So, this is a two-fer, as these topics were covered over a couple of weeks and are very closely related. How do we handle asking people sensitive questions they may not feel comfortable answering, and then how do we handle the data?
(I decided to make the “thumbnail” a picture of the books I grabbed for my tablet stand today, because why not? How many pictures of me staring at the camera do we really need, after all? Also, lesson learned: check to be sure the random t-shirt collar isn’t visible under the sweater, because it looks silly.)
Heck, J. E., Sell, R. L., & Sherri, S. G. (2006). Health care access among individuals involved in same-sex relationships. American Journal of Public Health, 96(6), 1111-8.
A look at statistical analysis of data taken from the National Health Information Survey.
Lee RM. (1993) Chapter 5: Asking Sensitive Questions on Surveys, and Chapter 6: Asking Sensitive Questions: Interviewing in Doing Research on Sensitive Topics. London: Sage Publications, 1993
The chapters pretty much do what they say on the tin. I do worry that some of the techniques suggested to reduce reluctance to respond may result in over-reporting, but I’m not sure we have a really viable alternative.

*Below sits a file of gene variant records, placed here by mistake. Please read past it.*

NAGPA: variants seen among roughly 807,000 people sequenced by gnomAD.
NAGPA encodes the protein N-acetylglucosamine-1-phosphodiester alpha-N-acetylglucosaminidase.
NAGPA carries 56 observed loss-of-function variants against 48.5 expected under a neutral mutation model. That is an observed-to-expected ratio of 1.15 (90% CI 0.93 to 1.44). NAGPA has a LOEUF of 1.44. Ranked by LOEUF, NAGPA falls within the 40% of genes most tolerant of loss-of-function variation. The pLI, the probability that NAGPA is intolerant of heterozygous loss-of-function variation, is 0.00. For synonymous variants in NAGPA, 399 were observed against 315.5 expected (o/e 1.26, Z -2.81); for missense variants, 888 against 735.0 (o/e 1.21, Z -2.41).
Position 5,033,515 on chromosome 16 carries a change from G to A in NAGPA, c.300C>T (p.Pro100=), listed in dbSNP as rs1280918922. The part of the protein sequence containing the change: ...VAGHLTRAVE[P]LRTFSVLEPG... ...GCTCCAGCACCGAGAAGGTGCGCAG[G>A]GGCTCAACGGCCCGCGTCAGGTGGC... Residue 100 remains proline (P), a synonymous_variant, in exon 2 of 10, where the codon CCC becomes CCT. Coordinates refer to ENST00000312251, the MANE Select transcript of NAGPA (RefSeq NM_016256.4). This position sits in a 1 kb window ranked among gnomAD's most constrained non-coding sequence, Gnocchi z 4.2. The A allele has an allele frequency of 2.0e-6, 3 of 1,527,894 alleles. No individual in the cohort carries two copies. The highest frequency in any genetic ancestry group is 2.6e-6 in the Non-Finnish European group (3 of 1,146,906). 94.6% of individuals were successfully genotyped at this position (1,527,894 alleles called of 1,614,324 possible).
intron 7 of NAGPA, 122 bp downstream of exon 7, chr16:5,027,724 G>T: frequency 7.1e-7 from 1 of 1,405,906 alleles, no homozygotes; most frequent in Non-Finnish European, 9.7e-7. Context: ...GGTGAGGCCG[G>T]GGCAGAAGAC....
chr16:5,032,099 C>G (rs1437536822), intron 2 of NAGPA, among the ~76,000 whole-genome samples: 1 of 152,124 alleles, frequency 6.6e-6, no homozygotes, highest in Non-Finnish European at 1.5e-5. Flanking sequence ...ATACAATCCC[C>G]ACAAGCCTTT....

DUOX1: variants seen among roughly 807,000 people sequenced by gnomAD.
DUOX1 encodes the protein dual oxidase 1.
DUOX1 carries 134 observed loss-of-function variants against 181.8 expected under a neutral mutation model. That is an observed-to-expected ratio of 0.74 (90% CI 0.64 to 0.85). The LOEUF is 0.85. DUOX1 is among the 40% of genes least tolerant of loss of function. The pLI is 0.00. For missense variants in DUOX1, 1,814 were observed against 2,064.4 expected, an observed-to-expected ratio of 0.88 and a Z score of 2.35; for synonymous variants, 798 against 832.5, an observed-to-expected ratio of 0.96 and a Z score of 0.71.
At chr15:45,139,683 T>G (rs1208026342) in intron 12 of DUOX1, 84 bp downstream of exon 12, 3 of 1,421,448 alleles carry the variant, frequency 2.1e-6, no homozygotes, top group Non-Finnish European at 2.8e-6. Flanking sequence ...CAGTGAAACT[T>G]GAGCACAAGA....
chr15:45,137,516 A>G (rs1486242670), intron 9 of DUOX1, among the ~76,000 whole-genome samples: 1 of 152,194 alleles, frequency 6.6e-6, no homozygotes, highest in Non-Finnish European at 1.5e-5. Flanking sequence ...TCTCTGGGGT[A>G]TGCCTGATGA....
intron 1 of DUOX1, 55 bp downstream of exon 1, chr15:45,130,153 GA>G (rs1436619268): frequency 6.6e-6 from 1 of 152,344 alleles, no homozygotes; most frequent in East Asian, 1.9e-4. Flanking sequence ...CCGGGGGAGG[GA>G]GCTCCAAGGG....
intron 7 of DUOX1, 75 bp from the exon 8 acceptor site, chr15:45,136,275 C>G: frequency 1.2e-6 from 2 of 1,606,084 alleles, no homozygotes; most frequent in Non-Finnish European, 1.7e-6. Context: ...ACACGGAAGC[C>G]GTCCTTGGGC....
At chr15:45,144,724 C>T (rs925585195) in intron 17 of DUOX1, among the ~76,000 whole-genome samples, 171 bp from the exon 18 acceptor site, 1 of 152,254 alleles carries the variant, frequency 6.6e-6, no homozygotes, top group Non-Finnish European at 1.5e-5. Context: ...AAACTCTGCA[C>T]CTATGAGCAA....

Lee, R.M. (1993) Chapter 9: Handling Sensitive Data and Chapter 10: Disclosure and Dissemination in Research on Sensitive Topics in Doing Research on Sensitive Topics. London: Sage Publications.
Pathela, P., Hajat, A., Schillinger, J., Schillinger ,J., Blank, S., Sell, R.L., and Mostashari, F. (2006). Discordance between sexual behavior and self-reported sexual identity: A population-based survey of New York City men. Annals of Internal Medicine 145, 416-425.
This article is actually as relevant to defining orientation as it is to survey methods around sensitive questions. The topic of “does your sexual behavior match your sexual orientation identity” is one that always gets my attention. Usually the context is HIV exposure risk research such as this. I find it slightly annoying that they stopped analyzing the self-identified bisexual men after a certain point, though I can see why it made sense for their research question.
Tourangeau, R., and Yan, T. (2007) Sensitive questions in surveys. Psychological Bulletin 133(5), 859-83.
Similar to the chapters above but does some actual statistical analysis of the error introduced and effects on interpretation of results.
Villarroel, M.A., Turner, C.F., Rogers, S.M., Roman, A.M., Cooley, P.C., Steinberg, A.B., Eggleston, E., and Chromy, J.R. (2008) T-ACASI reduces bias in STD measurements: The National STD and Behavior Measurement Experiment. Sexually Transmitted Diseases 35(5), 499-506.
Looks at a specific method of interviewing that appears to reduce bias: telephone and computer-assisted self-interviewing (T-ACASI). Looks like people find speaking to a computer less intimidating than a person, even a person on the phone.